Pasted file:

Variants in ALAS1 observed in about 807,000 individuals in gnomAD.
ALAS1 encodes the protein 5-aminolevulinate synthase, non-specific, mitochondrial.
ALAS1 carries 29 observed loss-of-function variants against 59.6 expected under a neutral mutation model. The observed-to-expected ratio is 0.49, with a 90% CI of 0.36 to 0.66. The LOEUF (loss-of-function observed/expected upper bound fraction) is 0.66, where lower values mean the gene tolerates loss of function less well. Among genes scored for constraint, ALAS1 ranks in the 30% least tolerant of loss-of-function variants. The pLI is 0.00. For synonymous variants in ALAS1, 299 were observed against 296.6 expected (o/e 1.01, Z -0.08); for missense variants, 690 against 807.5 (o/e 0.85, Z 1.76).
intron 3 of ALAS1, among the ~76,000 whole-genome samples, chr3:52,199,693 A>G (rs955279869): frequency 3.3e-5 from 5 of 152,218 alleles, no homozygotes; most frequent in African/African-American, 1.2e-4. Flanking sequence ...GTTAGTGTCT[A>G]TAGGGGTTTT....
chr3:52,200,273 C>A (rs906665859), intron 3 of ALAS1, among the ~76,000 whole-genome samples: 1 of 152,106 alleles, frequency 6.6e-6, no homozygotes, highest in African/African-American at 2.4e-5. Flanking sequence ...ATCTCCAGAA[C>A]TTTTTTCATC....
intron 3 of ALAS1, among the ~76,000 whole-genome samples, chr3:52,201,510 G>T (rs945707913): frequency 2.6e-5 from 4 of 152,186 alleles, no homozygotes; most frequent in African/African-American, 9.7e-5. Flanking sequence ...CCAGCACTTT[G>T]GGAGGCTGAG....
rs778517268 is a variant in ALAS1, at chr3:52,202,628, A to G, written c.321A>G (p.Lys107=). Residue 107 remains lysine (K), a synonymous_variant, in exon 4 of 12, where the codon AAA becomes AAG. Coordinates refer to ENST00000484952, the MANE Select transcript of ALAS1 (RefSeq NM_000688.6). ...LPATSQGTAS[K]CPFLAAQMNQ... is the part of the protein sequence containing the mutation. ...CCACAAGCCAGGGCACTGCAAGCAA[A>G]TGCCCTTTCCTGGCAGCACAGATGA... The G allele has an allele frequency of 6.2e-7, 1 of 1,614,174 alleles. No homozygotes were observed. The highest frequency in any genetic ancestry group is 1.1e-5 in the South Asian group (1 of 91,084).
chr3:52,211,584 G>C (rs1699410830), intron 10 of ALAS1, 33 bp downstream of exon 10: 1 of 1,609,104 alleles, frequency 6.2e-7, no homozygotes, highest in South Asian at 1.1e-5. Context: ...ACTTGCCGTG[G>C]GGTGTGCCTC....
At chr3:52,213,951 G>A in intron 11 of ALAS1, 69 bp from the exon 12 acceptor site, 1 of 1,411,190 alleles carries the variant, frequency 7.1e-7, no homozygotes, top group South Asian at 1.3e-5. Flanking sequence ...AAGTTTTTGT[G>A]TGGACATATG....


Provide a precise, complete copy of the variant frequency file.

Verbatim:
Variants in ALAS1 observed in about 807,000 individuals in gnomAD.
ALAS1 encodes the protein 5-aminolevulinate synthase, non-specific, mitochondrial.
ALAS1 carries 29 observed loss-of-function variants against 59.6 expected under a neutral mutation model. The observed-to-expected ratio is 0.49, with a 90% CI of 0.36 to 0.66. The LOEUF (loss-of-function observed/expected upper bound fraction) is 0.66, where lower values mean the gene tolerates loss of function less well. Among genes scored for constraint, ALAS1 ranks in the 30% least tolerant of loss-of-function variants. The pLI is 0.00. For synonymous variants in ALAS1, 299 were observed against 296.6 expected (o/e 1.01, Z -0.08); for missense variants, 690 against 807.5 (o/e 0.85, Z 1.76).
intron 3 of ALAS1, among the ~76,000 whole-genome samples, chr3:52,199,693 A>G (rs955279869): frequency 3.3e-5 from 5 of 152,218 alleles, no homozygotes; most frequent in African/African-American, 1.2e-4. Flanking sequence ...GTTAGTGTCT[A>G]TAGGGGTTTT....
chr3:52,200,273 C>A (rs906665859), intron 3 of ALAS1, among the ~76,000 whole-genome samples: 1 of 152,106 alleles, frequency 6.6e-6, no homozygotes, highest in African/African-American at 2.4e-5. Flanking sequence ...ATCTCCAGAA[C>A]TTTTTTCATC....
intron 3 of ALAS1, among the ~76,000 whole-genome samples, chr3:52,201,510 G>T (rs945707913): frequency 2.6e-5 from 4 of 152,186 alleles, no homozygotes; most frequent in African/African-American, 9.7e-5. Flanking sequence ...CCAGCACTTT[G>T]GGAGGCTGAG....
rs778517268 is a variant in ALAS1, at chr3:52,202,628, A to G, written c.321A>G (p.Lys107=). Residue 107 remains lysine (K), a synonymous_variant, in exon 4 of 12, where the codon AAA becomes AAG. Coordinates refer to ENST00000484952, the MANE Select transcript of ALAS1 (RefSeq NM_000688.6). ...LPATSQGTAS[K]CPFLAAQMNQ... is the part of the protein sequence containing the mutation. ...CCACAAGCCAGGGCACTGCAAGCAA[A>G]TGCCCTTTCCTGGCAGCACAGATGA... The G allele has an allele frequency of 6.2e-7, 1 of 1,614,174 alleles. No homozygotes were observed. The highest frequency in any genetic ancestry group is 1.1e-5 in the South Asian group (1 of 91,084).
chr3:52,211,584 G>C (rs1699410830), intron 10 of ALAS1, 33 bp downstream of exon 10: 1 of 1,609,104 alleles, frequency 6.2e-7, no homozygotes, highest in South Asian at 1.1e-5. Context: ...ACTTGCCGTG[G>C]GGTGTGCCTC....
At chr3:52,213,951 G>A in intron 11 of ALAS1, 69 bp from the exon 12 acceptor site, 1 of 1,411,190 alleles carries the variant, frequency 7.1e-7, no homozygotes, top group South Asian at 1.3e-5. Flanking sequence ...AAGTTTTTGT[G>A]TGGACATATG....